A pulmonary function test (PFT) is a series of non-invasive breathing tests that measure how well your lungs are functioning.
How is Pulmonary Function Test (PFT) Performed?
Here’s a general overview of how a Pulmonary Function Test (PFT) is typically performed:
- Preparation: Before the Pulmonary Function test, you may be asked to avoid certain medications that could affect your lung function, such as bronchodilators. You should also avoid heavy meals and strenuous exercise immediately before the test.
- Explanation: A respiratory therapist or technician will explain the pulmonary function test procedure to you and answer any questions you may have. They will also ensure that you understand how to perform each part of the test correctly.
- Equipment: You will be seated in a comfortable chair or standing, depending on the specific test being performed. A mouthpiece or nose clip may be provided to ensure that air is only breathed in and out through the device being used for the test.
- Spirometry: The most common test in a PFT is spirometry. During this test, you will be asked to take a deep breath and then exhale as forcefully and completely as possible into a tube connected to a spirometer. This measures lung volume and airflow, providing information about lung function, including vital capacity, forced vital capacity (FVC), forced expiratory volume in one second (FEV1), and FEV1/FVC ratio.
- Lung Volume Measurements: Additional tests may be performed to measure lung volumes and capacities using different techniques, such as body plethysmography or gas dilution. These tests provide information about total lung capacity, residual volume, and functional residual capacity.
- Diffusion Capacity Test: In some cases, a diffusion capacity test may be performed to assess how well oxygen moves from the lungs into the bloodstream. This involves breathing in a small amount of a harmless gas and holding your breath for a short time before exhaling.
- Interpretation: The results of the PFT are analyzed by a healthcare provider, typically a pulmonologist, who interprets the data and provides a report. The results are compared to predicted values based on age, gender, height, and ethnicity to determine if there are any abnormalities or signs of lung disease.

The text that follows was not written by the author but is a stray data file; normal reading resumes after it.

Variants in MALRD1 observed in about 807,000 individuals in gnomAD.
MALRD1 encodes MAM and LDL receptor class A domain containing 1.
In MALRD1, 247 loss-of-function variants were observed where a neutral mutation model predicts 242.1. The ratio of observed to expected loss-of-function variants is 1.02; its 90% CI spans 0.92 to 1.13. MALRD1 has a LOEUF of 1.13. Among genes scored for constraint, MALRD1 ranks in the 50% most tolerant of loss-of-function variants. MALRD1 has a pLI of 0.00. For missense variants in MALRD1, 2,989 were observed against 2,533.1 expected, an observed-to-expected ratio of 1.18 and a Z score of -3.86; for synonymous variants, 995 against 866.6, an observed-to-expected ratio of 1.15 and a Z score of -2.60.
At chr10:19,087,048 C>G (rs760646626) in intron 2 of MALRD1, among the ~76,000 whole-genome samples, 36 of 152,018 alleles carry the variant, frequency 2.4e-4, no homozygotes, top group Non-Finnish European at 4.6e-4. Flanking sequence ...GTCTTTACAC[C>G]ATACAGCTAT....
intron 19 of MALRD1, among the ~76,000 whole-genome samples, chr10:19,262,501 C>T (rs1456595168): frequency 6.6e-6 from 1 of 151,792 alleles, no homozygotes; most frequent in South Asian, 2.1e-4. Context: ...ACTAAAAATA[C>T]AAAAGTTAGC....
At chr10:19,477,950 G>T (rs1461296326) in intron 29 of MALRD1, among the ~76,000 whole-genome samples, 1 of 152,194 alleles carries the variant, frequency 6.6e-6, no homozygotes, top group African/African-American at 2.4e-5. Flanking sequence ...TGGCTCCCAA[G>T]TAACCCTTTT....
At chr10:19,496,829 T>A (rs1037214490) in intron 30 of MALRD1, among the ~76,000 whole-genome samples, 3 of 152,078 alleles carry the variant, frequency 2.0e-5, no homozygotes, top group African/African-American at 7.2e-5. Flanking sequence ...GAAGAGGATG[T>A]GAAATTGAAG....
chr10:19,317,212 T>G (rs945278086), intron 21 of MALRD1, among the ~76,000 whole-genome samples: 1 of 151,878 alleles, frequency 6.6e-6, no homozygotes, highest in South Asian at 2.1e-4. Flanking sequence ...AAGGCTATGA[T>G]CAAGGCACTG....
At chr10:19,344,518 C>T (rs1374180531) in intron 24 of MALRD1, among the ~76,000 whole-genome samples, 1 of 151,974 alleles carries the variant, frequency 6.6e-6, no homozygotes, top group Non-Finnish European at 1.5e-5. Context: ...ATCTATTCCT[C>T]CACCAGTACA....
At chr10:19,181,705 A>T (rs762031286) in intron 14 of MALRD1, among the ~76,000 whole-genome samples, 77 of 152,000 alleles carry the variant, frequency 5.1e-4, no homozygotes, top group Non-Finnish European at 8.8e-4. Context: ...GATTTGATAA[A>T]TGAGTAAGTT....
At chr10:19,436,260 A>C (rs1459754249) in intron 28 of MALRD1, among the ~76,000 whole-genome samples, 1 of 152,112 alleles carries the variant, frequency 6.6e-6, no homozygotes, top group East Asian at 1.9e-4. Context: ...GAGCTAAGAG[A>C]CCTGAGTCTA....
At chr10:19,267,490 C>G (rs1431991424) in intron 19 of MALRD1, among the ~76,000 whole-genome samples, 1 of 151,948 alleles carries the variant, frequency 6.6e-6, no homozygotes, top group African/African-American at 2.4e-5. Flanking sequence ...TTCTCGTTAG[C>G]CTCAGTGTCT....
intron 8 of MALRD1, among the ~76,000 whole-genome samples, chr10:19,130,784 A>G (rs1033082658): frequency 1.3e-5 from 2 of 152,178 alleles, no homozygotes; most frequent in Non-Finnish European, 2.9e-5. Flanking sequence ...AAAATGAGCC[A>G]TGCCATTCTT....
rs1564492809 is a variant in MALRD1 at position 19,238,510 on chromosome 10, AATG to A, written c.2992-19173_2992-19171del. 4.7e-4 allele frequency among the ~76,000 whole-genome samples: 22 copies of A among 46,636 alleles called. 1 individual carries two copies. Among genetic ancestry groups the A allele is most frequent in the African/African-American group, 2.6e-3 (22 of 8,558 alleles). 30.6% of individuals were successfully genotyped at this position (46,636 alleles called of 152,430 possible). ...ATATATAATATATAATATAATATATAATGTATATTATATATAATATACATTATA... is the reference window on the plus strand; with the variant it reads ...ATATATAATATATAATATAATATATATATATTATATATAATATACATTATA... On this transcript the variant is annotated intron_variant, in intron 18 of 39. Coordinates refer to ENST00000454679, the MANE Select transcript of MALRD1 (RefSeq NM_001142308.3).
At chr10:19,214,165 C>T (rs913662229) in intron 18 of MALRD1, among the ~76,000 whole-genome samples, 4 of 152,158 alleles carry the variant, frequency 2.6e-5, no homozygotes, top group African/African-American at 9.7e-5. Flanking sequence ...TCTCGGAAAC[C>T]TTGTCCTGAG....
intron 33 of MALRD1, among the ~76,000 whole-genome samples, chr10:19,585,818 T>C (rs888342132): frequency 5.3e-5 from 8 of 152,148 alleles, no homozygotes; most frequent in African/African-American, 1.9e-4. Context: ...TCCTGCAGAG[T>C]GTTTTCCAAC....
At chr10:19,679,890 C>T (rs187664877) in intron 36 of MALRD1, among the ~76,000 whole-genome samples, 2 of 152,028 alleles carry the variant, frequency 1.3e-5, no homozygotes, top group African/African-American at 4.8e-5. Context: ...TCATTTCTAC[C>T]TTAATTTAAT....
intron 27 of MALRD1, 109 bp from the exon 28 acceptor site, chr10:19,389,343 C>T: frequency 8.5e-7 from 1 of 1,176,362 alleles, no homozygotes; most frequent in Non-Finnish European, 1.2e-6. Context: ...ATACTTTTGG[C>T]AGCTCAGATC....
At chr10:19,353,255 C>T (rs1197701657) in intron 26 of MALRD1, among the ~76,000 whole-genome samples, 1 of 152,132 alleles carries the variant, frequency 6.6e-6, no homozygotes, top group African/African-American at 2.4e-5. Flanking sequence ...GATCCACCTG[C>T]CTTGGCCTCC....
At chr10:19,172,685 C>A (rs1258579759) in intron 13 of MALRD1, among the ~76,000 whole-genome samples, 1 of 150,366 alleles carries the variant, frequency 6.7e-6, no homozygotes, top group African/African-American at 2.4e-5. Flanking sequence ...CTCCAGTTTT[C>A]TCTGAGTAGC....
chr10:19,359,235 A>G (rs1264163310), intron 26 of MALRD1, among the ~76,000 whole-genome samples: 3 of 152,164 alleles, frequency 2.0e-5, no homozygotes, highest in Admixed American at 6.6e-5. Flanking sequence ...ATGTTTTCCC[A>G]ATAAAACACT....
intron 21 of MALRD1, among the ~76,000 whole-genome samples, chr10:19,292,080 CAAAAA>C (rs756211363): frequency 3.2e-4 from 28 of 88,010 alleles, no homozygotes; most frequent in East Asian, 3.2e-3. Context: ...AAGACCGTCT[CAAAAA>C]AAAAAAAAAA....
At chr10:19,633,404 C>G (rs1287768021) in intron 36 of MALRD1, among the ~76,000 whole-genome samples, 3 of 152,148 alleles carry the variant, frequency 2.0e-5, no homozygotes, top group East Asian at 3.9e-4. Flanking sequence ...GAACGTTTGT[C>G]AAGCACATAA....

- Follow-up: Depending on the results of the test, further evaluation or treatment may be recommended. This could include additional tests, such as imaging studies or bronchoprovocation tests, or referral to a specialist for further evaluation and management.
Overall, a pulmonary function test is a valuable tool for assessing lung function and diagnosing respiratory conditions. It’s important to follow any instructions provided by your healthcare provider and perform the test to the best of your ability to ensure accurate results.
Preparing for pulmonary function test
- No bronchodilator medication for four hours.
- No smoking for four hours before the test.
- No heavy meals.
- Do not wear any tight clothing. Wear comfortable shoes.
What happens if you fail a pulmonary function test?
Can I Fail a pulmonary function test?
No, there is no such thing as failing a pulmonary function test. If your provider finds a problem with your pulmonary function test they will discuss will discuss additional tests you may need to obtain a diagnosis and a treatment plan.
Contact NOVA Pulmonary Critical Care and Sleep Associates to learn more about pulmonary function tests.